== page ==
Texas has one of the harshest and most punitive criminal justice systems in America. A new report shows just how inhuman the state of Texas is when it comes to doling out the punishment of solitary confinement.
If you have any doubt that solitary confinement is torture, all you need to is to listen to the stories of those who have been forced to endure it. Nevertheless, a new report from the ACLU of Texas finds that about one in ever 22 prisoners there is in solitary confinement— more people "than 12 states house in their entire prison systems."
Here is a description of the life of one prisoner who has been in solitary for ten years, from the report:
There is no window in Alex's cell. His field of vision is limited to peering through the Plexiglas slit in his cell door to the door of the cell opposite him. Alex has not seen the stars in a decade. "I miss that so much," he writes. "One time I was going to the hospital, down to Galveston and we were riding the ferry and the sun was coming up and it was the only one I'd seen in years. I'm a pretty tough guy, but it brought tears to my eyes."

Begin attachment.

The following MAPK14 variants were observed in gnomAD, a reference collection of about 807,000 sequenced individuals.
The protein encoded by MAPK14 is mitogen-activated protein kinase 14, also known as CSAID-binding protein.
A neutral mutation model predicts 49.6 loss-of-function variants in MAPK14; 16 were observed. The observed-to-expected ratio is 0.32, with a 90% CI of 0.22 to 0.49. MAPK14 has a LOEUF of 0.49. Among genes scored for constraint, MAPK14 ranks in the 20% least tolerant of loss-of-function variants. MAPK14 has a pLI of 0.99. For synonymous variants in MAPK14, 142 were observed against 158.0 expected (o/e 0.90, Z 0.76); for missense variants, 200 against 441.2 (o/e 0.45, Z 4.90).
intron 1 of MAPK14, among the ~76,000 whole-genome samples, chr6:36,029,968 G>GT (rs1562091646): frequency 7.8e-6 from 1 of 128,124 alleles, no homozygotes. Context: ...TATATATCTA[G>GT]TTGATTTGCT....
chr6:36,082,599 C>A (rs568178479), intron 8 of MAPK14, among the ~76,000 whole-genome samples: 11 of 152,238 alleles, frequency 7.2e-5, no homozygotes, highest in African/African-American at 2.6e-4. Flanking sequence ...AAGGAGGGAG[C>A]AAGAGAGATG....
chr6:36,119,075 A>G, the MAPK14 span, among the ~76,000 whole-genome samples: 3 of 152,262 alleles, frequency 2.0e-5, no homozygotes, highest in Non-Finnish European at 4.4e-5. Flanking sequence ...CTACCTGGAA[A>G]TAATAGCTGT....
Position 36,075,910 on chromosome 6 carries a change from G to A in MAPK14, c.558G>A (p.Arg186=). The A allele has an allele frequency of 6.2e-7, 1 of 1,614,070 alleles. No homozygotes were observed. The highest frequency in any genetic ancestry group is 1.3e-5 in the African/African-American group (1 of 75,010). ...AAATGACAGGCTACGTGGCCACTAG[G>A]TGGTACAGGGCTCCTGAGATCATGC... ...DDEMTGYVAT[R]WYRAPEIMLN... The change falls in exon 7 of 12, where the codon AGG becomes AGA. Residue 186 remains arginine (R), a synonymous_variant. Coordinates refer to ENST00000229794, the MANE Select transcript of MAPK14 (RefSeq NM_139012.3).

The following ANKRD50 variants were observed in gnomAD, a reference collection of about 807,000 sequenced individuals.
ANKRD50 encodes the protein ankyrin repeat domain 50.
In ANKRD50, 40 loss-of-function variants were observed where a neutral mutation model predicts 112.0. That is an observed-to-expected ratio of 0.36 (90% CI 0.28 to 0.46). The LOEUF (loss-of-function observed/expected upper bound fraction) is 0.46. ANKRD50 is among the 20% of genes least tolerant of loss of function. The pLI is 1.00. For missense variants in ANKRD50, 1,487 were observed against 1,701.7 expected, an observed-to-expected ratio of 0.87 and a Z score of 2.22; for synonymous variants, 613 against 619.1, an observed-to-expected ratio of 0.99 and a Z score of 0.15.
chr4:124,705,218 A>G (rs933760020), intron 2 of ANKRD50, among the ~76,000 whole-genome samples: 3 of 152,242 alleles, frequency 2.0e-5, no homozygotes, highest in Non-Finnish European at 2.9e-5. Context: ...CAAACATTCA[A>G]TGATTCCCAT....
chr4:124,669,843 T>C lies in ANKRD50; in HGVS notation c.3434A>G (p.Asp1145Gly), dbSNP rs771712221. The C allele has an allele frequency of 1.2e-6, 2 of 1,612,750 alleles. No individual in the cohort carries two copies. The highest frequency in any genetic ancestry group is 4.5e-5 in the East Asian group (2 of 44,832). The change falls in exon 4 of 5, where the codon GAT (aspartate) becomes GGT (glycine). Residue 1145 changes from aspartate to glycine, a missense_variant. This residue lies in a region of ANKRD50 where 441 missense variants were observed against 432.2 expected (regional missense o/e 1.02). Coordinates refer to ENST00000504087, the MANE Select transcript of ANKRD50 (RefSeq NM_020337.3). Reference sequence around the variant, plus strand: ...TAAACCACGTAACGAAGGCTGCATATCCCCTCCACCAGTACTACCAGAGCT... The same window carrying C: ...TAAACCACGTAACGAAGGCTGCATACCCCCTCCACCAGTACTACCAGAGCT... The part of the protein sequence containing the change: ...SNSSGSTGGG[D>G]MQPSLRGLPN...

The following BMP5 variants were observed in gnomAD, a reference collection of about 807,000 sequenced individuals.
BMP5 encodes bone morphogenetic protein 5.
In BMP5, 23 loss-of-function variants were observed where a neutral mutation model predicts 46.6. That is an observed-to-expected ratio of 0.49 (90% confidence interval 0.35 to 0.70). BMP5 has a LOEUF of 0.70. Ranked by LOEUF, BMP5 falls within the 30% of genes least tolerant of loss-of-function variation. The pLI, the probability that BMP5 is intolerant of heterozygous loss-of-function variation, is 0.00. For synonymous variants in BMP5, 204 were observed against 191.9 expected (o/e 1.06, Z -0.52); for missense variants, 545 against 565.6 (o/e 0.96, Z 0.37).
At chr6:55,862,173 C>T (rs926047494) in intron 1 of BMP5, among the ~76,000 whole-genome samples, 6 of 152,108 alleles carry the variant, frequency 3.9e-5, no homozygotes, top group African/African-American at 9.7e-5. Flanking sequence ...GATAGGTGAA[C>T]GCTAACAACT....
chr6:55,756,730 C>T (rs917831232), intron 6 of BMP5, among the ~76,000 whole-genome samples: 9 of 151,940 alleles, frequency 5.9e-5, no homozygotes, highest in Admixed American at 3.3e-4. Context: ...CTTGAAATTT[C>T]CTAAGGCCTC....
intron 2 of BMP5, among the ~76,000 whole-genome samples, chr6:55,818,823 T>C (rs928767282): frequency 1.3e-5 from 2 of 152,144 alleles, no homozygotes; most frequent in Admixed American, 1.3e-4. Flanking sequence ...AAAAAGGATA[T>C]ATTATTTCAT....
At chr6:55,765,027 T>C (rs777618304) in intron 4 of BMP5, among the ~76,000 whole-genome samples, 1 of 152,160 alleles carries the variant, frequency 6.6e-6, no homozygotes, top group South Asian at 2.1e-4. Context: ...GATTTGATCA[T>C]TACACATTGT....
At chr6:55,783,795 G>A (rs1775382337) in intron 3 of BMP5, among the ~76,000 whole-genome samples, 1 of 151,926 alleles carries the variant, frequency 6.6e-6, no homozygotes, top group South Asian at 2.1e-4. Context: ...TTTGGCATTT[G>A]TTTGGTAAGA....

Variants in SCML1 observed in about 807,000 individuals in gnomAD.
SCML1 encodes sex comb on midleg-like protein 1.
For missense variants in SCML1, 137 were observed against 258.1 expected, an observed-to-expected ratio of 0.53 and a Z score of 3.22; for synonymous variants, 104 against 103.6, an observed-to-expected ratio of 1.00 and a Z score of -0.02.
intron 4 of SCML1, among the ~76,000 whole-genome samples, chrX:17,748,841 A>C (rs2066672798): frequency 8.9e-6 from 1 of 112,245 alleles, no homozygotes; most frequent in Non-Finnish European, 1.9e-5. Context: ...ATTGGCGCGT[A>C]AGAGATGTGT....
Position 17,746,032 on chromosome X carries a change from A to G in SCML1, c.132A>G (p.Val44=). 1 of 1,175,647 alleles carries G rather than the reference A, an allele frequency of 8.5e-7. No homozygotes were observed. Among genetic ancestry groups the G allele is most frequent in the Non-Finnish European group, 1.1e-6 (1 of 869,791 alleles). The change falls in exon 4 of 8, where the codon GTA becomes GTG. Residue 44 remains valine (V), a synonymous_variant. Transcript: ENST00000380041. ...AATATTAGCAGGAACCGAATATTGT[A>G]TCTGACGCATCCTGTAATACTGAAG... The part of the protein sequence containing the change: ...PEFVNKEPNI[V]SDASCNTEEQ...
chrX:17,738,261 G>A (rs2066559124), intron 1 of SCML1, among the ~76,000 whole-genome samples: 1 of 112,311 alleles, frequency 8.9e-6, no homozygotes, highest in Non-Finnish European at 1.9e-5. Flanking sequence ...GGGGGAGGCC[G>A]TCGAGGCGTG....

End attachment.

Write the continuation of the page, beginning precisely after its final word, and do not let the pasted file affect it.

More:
Alex struggles to fall asleep at night. Usually, he can only sleep for four hours. The fluorescent light hanging from his ceiling remains on all night. The cell block constantly echoes with screams because some of the men confined in neighboring cells have gone insane, cutting themselves or eating their own feces. Alex is overwhelmed by the noise: "Constant banging, clanking, rage, anger," he writes. "Like a jammed packed area for a boxing match with everyone screaming murder. The night sounds are the worst. More personal and filled with sadness. It sounds like hell.
Solitary confinement is a form of torture and it should only be used in the most necessary circumstances, and not for very long periods. (This it not just an American problem—here is a new story on the use of solitary confinement in Nova Scotia, for example.)